NASA's Fermi Gamma-ray Space Telescope has discovered a massive structure spreading halfway across the Milky Way.
It may, says NASA, be the remains of an eruption from a supersized black hole at the center of our galaxy.
"What we see are two gamma-ray-emitting bubbles that extend 25,000 light-years north and south of the galactic center," said the phenomenon's discoverer, Doug Finkbeiner, of the Harvard-Smithsonian Center for Astrophysics. "We don't fully understand their nature or origin."
The structure spans more than half the visible sky, from the constellation Virgo to the constellation Grus, and may be millions of years old.
Finkbeiner and his team discovered the bubbles by processing data from Fermi's Large Area Telescope (LAT).
While there had been hints of the bubbles' presence in earlier data, they hadn't been detected partly because of a fog of gamma rays throughout the sky. But by estimating the extent of the fog, the team was able to isolate it from the LAT data and reveal the giant bubbles.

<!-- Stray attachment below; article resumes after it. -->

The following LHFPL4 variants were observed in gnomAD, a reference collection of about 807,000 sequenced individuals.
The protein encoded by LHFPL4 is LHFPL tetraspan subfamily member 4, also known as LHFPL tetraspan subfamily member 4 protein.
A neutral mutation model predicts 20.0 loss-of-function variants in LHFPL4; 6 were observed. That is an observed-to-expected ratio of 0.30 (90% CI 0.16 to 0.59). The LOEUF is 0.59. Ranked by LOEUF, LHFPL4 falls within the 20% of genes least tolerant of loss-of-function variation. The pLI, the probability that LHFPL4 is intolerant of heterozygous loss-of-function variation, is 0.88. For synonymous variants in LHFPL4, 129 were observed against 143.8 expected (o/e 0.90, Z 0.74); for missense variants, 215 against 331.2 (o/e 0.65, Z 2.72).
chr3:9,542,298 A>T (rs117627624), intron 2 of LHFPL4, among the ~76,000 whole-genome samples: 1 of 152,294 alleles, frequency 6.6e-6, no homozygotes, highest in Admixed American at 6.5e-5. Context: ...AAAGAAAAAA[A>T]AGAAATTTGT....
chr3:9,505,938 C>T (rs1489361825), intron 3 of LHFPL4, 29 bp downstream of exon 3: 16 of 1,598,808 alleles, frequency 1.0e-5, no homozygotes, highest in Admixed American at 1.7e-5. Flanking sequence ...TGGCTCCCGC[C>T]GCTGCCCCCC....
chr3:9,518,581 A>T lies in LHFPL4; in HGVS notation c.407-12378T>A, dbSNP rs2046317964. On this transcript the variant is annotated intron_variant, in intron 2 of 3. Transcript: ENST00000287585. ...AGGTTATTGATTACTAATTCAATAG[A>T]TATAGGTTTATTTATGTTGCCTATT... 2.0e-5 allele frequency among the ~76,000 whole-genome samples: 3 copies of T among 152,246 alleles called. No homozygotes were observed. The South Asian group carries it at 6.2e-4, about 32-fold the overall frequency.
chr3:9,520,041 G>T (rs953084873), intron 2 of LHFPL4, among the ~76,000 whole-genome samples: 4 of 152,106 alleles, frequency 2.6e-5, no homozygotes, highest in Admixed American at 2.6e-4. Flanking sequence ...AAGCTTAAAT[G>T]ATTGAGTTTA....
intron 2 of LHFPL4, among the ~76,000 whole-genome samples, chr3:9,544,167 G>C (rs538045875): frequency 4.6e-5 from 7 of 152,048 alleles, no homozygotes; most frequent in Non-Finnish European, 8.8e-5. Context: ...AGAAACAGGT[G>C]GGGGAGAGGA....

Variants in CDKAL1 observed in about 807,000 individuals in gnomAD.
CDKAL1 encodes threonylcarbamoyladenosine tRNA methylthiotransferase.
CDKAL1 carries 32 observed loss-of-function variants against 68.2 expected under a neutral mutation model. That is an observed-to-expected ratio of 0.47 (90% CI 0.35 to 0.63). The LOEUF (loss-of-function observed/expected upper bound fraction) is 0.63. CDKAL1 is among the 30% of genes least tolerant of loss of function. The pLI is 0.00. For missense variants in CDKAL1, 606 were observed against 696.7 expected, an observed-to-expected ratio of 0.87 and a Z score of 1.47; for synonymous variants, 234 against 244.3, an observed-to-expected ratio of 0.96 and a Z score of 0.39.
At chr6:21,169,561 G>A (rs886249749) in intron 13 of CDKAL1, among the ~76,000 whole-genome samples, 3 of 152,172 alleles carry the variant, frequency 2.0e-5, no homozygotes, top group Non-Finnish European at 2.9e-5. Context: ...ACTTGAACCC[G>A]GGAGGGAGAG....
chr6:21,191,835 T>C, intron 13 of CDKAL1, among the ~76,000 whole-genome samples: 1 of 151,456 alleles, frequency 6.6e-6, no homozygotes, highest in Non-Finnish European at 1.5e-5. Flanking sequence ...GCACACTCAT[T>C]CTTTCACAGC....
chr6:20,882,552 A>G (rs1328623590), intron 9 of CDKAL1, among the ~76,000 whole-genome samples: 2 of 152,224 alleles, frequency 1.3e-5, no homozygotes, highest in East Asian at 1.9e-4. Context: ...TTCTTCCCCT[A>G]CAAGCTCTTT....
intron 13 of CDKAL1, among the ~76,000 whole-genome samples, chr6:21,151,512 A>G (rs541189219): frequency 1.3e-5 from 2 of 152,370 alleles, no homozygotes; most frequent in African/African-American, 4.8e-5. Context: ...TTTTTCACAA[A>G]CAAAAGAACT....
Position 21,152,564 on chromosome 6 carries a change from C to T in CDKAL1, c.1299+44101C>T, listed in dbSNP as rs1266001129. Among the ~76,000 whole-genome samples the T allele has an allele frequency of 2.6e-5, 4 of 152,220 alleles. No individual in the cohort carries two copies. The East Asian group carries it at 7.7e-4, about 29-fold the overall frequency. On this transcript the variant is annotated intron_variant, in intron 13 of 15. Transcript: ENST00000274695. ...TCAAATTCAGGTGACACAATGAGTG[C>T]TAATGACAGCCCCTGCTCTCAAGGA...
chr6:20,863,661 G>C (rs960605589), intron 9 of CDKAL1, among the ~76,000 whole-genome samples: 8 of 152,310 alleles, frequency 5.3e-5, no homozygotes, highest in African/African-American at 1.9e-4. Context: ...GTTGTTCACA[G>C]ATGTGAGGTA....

Scientists now are conducting more analyses to better understand how the never-before-seen structure was formed. Its shape and emissions suggest it was created as a result of a large and relatively rapid energy release.
One possibility includes a particle jet from the supermassive black hole at the galactic center. Fast particle jets powered by matter falling toward a central black hole have been observed in may other galaxies. While there is no evidence that the Milky Way's black hole has such a jet today, it may have had one in the past.
The bubbles might also have formed as a result of gas outflows from a burst of star formation, perhaps the one that produced many massive star clusters in the Milky Way's center several million years ago.
"In other galaxies, we see that starbursts can drive enormous gas outflows," said David Spergel of Princeton University. "Whatever the energy source behind these huge bubbles may be, it is connected to many deep questions in astrophysics."